Treatment of Post-TBI Depression
Randomized clinical trial of sertraline vs. placebo for post-TBI depression
|Study Design:||Allocation: Randomized
Endpoint Classification: Efficacy Study
Intervention Model: Parallel Assignment
Masking: Double Blind (Subject, Investigator)
Primary Purpose: Treatment
|Official Title:||Treatment of Post-TBI Depression|
- Depression [ Time Frame: immediately post-intervention ] [ Designated as safety issue: No ]self-report of depression and DSM-IV diagnosis
- BAI [ Time Frame: Immediately post-intervention ] [ Designated as safety issue: No ]Anxiety
- Life-3 [ Time Frame: Immediately post-intervention ] [ Designated as safety issue: No ]Quality of life
|Study Start Date:||June 2003|
|Study Completion Date:||September 2008|
|Primary Completion Date:||September 2008 (Final data collection date for primary outcome measure)|
Placebo Comparator: Placebo
Purpose: The purpose of this study is to document the efficacy of sertraline (Zoloft) in the treatment of depression (major depressive disorder) after TBI, including the impact on quality of life. Researchers will also explore the effects of sertraline on anxiety disorders, which often accompany post-TBI depression.
Background: Major depression is experienced by many more people after TBI than prior to injury and more often than in people without a brain injury. Many studies have also shown that this higher than 'normal' incidence looms for many years post TBI. Major depression is associated with a variety of negative outcomes, including poorer functioning in basic activities, reduced employment, elevated divorce rate, reduced social and recreational activity and increased sexual dysfunction.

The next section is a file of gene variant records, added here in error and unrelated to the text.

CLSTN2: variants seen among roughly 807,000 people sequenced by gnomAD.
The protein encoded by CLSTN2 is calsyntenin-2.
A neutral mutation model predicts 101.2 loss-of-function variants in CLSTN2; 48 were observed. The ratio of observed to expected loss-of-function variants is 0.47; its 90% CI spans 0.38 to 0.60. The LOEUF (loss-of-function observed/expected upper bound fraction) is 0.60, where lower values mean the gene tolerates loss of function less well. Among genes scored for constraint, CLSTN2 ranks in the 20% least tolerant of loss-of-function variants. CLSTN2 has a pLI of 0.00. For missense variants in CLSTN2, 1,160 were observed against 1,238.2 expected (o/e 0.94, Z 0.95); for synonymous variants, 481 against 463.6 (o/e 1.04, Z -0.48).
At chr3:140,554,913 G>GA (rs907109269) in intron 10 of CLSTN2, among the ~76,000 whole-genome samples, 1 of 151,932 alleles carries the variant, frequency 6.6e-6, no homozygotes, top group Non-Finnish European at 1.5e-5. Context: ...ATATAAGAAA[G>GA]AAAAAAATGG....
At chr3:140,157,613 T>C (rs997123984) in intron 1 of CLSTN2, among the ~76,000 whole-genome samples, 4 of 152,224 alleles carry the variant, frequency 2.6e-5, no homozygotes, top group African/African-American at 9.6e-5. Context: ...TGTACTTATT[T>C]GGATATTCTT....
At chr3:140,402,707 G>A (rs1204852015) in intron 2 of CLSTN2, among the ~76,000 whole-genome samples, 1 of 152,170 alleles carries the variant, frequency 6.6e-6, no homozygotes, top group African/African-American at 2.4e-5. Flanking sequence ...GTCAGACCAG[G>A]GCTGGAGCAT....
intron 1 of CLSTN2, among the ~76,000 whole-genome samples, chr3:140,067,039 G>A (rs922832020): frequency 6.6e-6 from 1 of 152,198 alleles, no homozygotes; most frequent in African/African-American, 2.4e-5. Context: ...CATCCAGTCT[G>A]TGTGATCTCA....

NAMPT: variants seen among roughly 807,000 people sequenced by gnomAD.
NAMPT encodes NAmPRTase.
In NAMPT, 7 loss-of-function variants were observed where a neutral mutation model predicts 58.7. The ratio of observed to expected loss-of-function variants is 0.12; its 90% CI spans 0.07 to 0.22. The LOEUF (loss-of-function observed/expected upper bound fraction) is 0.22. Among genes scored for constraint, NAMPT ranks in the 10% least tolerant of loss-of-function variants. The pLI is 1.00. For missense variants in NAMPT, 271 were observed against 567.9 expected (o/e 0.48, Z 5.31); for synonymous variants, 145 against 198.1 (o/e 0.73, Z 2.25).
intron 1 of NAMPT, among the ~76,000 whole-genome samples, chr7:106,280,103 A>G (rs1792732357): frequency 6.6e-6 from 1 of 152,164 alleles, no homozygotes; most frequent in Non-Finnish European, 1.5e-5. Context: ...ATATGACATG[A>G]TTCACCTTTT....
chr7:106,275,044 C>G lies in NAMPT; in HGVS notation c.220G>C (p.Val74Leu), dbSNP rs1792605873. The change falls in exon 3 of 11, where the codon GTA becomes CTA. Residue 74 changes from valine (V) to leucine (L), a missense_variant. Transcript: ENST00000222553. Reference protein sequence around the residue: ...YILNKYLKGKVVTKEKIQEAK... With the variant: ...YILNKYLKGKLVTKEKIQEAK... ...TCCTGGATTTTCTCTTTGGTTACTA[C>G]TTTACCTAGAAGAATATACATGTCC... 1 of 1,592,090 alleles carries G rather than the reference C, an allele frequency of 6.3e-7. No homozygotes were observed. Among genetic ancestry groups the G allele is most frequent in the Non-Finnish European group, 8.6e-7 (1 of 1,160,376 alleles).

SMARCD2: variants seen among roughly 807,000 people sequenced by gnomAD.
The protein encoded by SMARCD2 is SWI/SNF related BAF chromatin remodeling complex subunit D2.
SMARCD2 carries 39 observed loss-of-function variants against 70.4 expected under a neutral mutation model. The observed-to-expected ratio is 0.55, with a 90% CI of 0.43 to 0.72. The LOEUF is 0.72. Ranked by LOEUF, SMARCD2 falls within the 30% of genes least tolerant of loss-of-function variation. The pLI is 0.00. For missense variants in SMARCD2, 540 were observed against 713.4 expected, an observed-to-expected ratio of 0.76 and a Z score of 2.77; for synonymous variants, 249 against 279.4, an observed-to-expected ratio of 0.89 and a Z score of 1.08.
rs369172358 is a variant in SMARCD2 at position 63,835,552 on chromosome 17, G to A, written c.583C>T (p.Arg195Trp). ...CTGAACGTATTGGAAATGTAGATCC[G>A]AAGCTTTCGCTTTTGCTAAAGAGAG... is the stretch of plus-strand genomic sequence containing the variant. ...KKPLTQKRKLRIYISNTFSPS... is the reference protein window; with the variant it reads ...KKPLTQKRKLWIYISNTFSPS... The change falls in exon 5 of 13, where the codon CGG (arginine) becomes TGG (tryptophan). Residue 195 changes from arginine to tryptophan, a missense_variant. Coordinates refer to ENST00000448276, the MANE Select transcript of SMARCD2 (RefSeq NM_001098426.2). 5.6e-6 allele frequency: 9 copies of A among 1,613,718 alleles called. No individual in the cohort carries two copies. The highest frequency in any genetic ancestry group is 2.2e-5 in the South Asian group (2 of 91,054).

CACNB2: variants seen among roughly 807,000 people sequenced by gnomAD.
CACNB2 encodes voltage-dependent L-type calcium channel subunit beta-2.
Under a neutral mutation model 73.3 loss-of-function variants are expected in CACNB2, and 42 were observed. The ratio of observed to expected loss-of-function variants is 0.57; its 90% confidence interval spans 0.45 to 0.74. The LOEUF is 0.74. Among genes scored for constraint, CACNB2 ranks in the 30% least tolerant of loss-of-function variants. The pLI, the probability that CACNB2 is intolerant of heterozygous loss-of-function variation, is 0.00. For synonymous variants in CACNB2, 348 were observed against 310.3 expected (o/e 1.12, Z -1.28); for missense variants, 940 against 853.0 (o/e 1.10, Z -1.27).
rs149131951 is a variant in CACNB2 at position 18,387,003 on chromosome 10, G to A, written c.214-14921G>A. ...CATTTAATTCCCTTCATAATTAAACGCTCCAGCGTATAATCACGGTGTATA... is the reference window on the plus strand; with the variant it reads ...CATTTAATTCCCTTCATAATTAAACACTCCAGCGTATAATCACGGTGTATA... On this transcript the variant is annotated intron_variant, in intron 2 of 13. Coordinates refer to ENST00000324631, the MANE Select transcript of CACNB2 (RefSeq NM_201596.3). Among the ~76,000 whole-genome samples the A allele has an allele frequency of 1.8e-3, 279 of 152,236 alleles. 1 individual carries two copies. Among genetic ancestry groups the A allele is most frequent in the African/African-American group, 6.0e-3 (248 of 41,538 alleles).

Need for Research: Of the current drug treatments for major depression, sertraline and similar drugs (known as selective serotonin reuptake inhibitors, or SSRIs) have few side effects in people who have experienced a brain injury and have been shown to be effective in people with no known brain injury. However, information on the impact of SSRIs on post-TBI depression, based on randomized, double-blind studies, is unavailable.
Current Research Activity: Approximately 50 men and women volunteers who are post TBI and currently diagnosed with major depressive disorder are being randomly assigned to a 12-week period of taking Zoloft or a placebo. Over the period of study, participants will have the severity of their depressive symptoms assessed (as well as their symptoms of anxiety); a simple measure of the volunteer's perceived quality of life will be implemented prior to the study and at its termination. It is hypothesized that sertraline will reduce the symptoms of depression and anxiety and will increase the person's perceived quality of life to a significantly greater extent than will the placebo.
|United States, New York|
|Mount Sinai School of Medicine|
|New York, New York, United States, 10029|
|Principal Investigator:||Wayne Gordon, Ph.D.||Mount Sinai School of Medicine|